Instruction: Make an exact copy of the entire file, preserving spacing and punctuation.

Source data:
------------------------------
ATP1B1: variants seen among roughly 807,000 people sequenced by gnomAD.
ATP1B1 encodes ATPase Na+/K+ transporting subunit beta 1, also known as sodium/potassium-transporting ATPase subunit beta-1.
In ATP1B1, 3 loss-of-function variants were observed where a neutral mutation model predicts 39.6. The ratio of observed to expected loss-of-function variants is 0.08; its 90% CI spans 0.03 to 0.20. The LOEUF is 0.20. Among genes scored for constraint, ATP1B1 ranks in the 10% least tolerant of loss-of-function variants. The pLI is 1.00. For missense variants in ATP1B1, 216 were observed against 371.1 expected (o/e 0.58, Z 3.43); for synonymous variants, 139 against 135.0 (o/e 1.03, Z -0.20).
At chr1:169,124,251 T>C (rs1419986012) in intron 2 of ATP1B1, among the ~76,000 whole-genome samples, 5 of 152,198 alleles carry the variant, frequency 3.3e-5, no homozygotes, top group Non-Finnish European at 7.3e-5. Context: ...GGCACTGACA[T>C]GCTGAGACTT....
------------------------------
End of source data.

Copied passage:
ATP1B1: variants seen among roughly 807,000 people sequenced by gnomAD.
ATP1B1 encodes ATPase Na+/K+ transporting subunit beta 1, also known as sodium/potassium-transporting ATPase subunit beta-1.
In ATP1B1, 3 loss-of-function variants were observed where a neutral mutation model predicts 39.6. The ratio of observed to expected loss-of-function variants is 0.08; its 90% CI spans 0.03 to 0.20. The LOEUF is 0.20. Among genes scored for constraint, ATP1B1 ranks in the 10% least tolerant of loss-of-function variants. The pLI is 1.00. For missense variants in ATP1B1, 216 were observed against 371.1 expected (o/e 0.58, Z 3.43); for synonymous variants, 139 against 135.0 (o/e 1.03, Z -0.20).
At chr1:169,124,251 T>C (rs1419986012) in intron 2 of ATP1B1, among the ~76,000 whole-genome samples, 5 of 152,198 alleles carry the variant, frequency 3.3e-5, no homozygotes, top group Non-Finnish European at 7.3e-5. Context: ...GGCACTGACA[T>C]GCTGAGACTT....